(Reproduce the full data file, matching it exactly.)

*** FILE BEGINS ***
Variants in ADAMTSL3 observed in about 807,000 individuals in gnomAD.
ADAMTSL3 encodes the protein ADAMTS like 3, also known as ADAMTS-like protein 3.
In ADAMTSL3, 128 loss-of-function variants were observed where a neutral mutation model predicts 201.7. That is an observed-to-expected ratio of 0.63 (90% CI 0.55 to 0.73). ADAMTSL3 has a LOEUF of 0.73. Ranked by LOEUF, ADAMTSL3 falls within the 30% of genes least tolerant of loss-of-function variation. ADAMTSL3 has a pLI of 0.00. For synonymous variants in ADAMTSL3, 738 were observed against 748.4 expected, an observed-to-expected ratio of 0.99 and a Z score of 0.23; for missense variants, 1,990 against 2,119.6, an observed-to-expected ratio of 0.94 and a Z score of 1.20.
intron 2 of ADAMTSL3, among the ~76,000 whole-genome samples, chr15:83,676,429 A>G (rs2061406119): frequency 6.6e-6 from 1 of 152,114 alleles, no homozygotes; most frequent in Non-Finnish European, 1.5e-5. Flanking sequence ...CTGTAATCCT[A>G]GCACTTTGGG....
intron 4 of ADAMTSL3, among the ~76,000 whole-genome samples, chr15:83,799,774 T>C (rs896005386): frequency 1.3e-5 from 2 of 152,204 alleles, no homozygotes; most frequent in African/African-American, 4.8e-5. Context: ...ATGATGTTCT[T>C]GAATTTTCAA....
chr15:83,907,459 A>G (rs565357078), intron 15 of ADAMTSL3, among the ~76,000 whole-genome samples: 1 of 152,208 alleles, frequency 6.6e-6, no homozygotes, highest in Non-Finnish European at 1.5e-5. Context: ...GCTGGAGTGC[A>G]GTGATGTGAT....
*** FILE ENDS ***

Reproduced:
Variants in ADAMTSL3 observed in about 807,000 individuals in gnomAD.
ADAMTSL3 encodes the protein ADAMTS like 3, also known as ADAMTS-like protein 3.
In ADAMTSL3, 128 loss-of-function variants were observed where a neutral mutation model predicts 201.7. That is an observed-to-expected ratio of 0.63 (90% CI 0.55 to 0.73). ADAMTSL3 has a LOEUF of 0.73. Ranked by LOEUF, ADAMTSL3 falls within the 30% of genes least tolerant of loss-of-function variation. ADAMTSL3 has a pLI of 0.00. For synonymous variants in ADAMTSL3, 738 were observed against 748.4 expected, an observed-to-expected ratio of 0.99 and a Z score of 0.23; for missense variants, 1,990 against 2,119.6, an observed-to-expected ratio of 0.94 and a Z score of 1.20.
intron 2 of ADAMTSL3, among the ~76,000 whole-genome samples, chr15:83,676,429 A>G (rs2061406119): frequency 6.6e-6 from 1 of 152,114 alleles, no homozygotes; most frequent in Non-Finnish European, 1.5e-5. Flanking sequence ...CTGTAATCCT[A>G]GCACTTTGGG....
intron 4 of ADAMTSL3, among the ~76,000 whole-genome samples, chr15:83,799,774 T>C (rs896005386): frequency 1.3e-5 from 2 of 152,204 alleles, no homozygotes; most frequent in African/African-American, 4.8e-5. Context: ...ATGATGTTCT[T>C]GAATTTTCAA....
chr15:83,907,459 A>G (rs565357078), intron 15 of ADAMTSL3, among the ~76,000 whole-genome samples: 1 of 152,208 alleles, frequency 6.6e-6, no homozygotes, highest in Non-Finnish European at 1.5e-5. Context: ...GCTGGAGTGC[A>G]GTGATGTGAT....